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tv   Your Money  CNN  February 16, 2013 10:00am-11:00am PST

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here's a lock at some of the top stories this hour. the vatican is considering moving up the date to choose a successor for pope benedict xvi. the conclave could start before march 14th if all the cardinals are already in rome. 117 cardinal electoring will choose the new pope after benedict retires on february 28th. a nurse is suing a michigan hospital for allegedly agreeing to a man's request that african-americans not care for his baby. the lawsuit says managers at the hurley medical center reassigned the african-american nurse after the father made the request. the hospital has not responded to cnn's request for a comment. wall mar's stock took a nosedive on friday after an internal e-mail published by
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bloomberg news quoted an executive saying february sales were a, quote, total disaster. the stock for the world's largest retailer plummeted shortly after that before making a slight recovery. walmart reports its fourth-quarter earnings next week. later this afternoon, join me for all the latest news, plus we'll take fashion week to the next level with high-tech clothing. dr. sanjay gupta will give us his diagnosis on lady gaga's injury. got to hear about that. and i go shooting with rocker and gun activist ted new gent. first, a recession in europe, an economic storm in washington so, why is ali velshi convinced a renaissance may be at hand for the u.s. economy? find out right now on "your money." despite a recession in europe, major mergers in the united states show evidence that business is picking up. america could be on the road to prosperity if not for our politicians standing on the way. i'm ali velshi.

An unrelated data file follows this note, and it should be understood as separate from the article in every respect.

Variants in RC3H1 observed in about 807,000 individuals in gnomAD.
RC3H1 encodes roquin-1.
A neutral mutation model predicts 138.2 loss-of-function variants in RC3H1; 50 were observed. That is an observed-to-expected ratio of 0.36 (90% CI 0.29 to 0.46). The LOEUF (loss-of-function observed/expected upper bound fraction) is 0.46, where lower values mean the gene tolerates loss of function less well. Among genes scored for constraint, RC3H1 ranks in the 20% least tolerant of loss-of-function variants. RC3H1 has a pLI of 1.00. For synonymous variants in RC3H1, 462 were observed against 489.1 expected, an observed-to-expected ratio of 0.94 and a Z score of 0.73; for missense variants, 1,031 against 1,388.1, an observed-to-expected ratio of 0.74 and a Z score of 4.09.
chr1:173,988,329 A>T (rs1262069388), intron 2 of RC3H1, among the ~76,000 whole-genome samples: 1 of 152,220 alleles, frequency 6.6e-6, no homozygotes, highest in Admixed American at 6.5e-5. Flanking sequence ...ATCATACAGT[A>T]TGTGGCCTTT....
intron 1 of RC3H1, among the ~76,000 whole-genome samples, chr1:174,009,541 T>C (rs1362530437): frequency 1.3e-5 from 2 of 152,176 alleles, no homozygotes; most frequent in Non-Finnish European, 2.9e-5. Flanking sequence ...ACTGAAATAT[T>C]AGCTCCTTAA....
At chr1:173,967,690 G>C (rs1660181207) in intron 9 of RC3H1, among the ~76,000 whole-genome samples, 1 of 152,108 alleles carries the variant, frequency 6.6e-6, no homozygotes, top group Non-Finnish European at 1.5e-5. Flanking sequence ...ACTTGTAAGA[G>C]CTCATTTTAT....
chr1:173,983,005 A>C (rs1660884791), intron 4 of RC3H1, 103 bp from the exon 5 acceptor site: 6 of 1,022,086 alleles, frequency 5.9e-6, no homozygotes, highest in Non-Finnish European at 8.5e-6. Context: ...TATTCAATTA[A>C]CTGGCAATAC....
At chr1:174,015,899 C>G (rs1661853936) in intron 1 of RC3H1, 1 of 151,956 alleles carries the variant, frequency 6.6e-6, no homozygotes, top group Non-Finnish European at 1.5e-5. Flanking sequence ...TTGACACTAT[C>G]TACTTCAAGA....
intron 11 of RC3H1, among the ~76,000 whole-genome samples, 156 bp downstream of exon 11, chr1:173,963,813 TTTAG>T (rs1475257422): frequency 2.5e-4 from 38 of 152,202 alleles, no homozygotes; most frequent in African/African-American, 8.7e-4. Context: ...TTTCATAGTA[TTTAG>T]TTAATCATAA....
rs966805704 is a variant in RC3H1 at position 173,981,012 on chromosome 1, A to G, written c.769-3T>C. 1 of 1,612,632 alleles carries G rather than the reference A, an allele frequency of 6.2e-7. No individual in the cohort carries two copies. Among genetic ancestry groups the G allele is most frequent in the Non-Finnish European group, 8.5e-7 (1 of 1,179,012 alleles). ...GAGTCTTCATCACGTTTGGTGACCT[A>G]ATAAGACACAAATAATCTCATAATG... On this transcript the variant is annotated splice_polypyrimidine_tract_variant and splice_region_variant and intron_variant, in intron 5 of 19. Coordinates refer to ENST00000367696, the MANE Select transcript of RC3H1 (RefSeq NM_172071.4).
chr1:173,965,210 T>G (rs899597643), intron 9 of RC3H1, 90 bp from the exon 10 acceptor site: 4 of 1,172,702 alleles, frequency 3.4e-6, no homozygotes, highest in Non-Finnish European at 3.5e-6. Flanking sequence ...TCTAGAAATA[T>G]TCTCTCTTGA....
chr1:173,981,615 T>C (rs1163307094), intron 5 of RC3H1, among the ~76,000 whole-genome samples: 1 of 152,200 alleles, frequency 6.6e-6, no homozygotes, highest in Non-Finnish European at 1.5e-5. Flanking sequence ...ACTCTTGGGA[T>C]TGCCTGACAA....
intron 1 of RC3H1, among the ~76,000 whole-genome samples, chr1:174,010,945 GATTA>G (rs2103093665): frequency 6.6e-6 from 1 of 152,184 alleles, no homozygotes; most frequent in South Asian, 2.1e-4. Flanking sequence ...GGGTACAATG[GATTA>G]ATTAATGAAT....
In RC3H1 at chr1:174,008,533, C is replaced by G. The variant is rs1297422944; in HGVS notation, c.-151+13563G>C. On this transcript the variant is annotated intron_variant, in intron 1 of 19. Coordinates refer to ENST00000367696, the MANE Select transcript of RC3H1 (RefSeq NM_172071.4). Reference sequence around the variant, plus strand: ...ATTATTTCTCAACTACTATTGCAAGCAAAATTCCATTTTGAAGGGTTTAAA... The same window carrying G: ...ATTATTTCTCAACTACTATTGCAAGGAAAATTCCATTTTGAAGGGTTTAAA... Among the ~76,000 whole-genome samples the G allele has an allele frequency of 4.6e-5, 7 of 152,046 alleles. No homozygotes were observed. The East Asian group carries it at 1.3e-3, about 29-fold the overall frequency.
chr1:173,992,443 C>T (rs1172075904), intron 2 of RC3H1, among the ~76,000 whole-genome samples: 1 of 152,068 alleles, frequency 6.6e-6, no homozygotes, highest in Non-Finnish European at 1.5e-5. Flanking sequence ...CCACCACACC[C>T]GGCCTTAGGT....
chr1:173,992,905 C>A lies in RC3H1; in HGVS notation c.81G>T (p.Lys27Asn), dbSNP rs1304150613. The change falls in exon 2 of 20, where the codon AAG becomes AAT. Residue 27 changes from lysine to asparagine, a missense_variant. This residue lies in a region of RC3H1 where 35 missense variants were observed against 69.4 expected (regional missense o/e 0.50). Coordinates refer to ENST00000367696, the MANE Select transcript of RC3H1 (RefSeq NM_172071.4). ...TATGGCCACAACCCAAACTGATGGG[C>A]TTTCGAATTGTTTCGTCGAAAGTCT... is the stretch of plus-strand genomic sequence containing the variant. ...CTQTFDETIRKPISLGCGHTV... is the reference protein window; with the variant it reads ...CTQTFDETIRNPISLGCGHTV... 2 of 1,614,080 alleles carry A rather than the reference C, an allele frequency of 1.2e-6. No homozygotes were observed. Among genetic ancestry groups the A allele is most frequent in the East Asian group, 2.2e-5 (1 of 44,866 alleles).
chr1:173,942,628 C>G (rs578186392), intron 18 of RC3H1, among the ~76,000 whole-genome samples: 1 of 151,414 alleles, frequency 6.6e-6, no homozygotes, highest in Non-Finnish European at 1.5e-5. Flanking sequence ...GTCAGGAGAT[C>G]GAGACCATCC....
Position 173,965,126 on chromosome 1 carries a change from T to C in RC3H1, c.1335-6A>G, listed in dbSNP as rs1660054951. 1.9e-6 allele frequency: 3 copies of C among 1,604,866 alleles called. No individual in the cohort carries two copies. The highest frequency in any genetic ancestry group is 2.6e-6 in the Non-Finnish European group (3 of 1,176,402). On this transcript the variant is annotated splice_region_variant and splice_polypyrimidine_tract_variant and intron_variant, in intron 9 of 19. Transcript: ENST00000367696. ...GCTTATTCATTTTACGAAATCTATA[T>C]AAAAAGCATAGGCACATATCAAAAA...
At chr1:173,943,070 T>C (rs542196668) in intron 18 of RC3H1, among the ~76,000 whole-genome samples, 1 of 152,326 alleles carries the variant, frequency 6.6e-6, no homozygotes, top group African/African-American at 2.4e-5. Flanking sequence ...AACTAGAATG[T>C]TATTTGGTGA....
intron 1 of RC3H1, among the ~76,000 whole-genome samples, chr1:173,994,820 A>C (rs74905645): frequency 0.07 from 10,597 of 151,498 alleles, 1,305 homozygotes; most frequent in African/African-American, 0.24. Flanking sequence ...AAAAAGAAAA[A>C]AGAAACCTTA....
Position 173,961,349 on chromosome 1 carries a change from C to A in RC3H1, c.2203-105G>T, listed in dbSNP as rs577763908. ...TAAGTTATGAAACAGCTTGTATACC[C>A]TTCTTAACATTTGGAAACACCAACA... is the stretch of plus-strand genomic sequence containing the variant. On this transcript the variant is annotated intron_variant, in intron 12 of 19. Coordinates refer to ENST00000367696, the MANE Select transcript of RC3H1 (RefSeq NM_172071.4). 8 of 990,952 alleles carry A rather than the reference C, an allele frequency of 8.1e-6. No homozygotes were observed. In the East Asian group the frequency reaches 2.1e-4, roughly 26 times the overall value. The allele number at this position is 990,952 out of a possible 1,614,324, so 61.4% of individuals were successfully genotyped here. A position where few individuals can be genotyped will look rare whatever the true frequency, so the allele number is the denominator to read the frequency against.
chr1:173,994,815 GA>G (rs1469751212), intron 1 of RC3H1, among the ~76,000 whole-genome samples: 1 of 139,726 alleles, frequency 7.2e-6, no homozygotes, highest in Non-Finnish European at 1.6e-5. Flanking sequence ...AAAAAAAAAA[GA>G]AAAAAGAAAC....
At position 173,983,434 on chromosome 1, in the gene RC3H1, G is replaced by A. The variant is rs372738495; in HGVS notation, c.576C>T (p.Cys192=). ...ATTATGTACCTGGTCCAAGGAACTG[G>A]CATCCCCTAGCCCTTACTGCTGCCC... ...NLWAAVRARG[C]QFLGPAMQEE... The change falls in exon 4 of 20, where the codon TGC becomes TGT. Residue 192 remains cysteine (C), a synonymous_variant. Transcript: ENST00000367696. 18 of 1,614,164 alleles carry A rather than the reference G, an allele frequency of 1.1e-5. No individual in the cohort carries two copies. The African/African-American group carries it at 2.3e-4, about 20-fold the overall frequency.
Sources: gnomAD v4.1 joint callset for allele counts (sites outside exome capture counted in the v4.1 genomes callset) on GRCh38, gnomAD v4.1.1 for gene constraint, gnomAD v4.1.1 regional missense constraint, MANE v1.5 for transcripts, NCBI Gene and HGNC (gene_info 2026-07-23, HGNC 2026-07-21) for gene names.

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this is "your money." there's ap economic storm hovering just off our shores. the headwinds are gathering strength as our elected official once again seem prepared to take the american economy to the brink of destruction. this time over a march 1st deadline for the across-the-board government cuts known as the sequester. >> this is not a game. this is reality. >> i don't like the sequester. it's taking a meat axe to our government. >> these steps would seriously damage the fragile american economy. >> still fragile enough that four years after the recession the u.s. economy actually shrank in the last three months of 2012. the storm clouds were ready to blow away and washington basically called them back. >> i think we're all aware that we have some urgent business to do. >> if not for indecisive, uncompromising, and polarizing
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politicians, america's economy could take off again. >> we are producing more energy and america can become an energy exporter. >> we're in the midst of an energy boom and it's lowering the price of electricity and bringing manufacturing back to america. a housing boom fueled by the lowest interest rates in history. and 35 months of private sector job creation. america's future could be great. >> i'd like to focus on what lies beyond the fiscal debate. >> i'd like to, too. but that's not possible the with a sequester deadline about to descend on the american economy. when will washington's small thinking about big problems end? if this week is any indication the dysfunction won't end anytime soon. earlier this week we learned the euro area experienced its third straight quarter of negative growth. gdp there fell by 0.6%, the worst since 2009. europe has been experimenting
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with austerity. the deep cuts to government spending that have failed to turn the euro area economies around. unemployment in the euro area is 11.7%. some countries like spain and greece above 25%. washington is less than two week ace way from austerity in the form of the sequester. $85 billion in automatic across-the-board spending cuts that are set to take effect on march 1st. i'm joined by my good friend, christine romans. john avlon is a cnn contributor and senior columnist at "newsweek" and the daily beast. margaret hoover is a cnn political contributor and republican consultant. christine, let's start with you. economists warn the sequester could lead to a recession. that's not scaring business away. american airlines and us airways will merge. warren buffett is buying heinz. michael dell is taking his company private. there's business going on. as you've said before,